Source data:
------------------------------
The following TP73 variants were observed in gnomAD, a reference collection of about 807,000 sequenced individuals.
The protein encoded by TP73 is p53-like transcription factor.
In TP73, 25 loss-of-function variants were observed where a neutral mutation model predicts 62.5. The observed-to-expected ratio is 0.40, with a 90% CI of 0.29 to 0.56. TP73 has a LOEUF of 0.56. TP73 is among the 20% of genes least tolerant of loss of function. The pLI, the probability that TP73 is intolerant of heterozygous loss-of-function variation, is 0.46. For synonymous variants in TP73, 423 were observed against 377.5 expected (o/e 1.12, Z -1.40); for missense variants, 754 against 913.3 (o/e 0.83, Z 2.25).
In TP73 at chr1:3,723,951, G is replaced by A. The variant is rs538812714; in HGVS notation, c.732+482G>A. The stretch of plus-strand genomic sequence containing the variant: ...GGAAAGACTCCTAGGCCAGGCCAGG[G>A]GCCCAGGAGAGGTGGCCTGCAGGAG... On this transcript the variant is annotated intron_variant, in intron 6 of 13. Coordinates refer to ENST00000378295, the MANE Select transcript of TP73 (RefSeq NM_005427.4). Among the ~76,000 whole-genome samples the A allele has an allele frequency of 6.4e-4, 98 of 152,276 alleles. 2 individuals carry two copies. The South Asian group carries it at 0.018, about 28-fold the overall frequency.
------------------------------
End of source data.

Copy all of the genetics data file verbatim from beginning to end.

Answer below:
The following TP73 variants were observed in gnomAD, a reference collection of about 807,000 sequenced individuals.
The protein encoded by TP73 is p53-like transcription factor.
In TP73, 25 loss-of-function variants were observed where a neutral mutation model predicts 62.5. The observed-to-expected ratio is 0.40, with a 90% CI of 0.29 to 0.56. TP73 has a LOEUF of 0.56. TP73 is among the 20% of genes least tolerant of loss of function. The pLI, the probability that TP73 is intolerant of heterozygous loss-of-function variation, is 0.46. For synonymous variants in TP73, 423 were observed against 377.5 expected (o/e 1.12, Z -1.40); for missense variants, 754 against 913.3 (o/e 0.83, Z 2.25).
In TP73 at chr1:3,723,951, G is replaced by A. The variant is rs538812714; in HGVS notation, c.732+482G>A. The stretch of plus-strand genomic sequence containing the variant: ...GGAAAGACTCCTAGGCCAGGCCAGG[G>A]GCCCAGGAGAGGTGGCCTGCAGGAG... On this transcript the variant is annotated intron_variant, in intron 6 of 13. Coordinates refer to ENST00000378295, the MANE Select transcript of TP73 (RefSeq NM_005427.4). Among the ~76,000 whole-genome samples the A allele has an allele frequency of 6.4e-4, 98 of 152,276 alleles. 2 individuals carry two copies. The South Asian group carries it at 0.018, about 28-fold the overall frequency.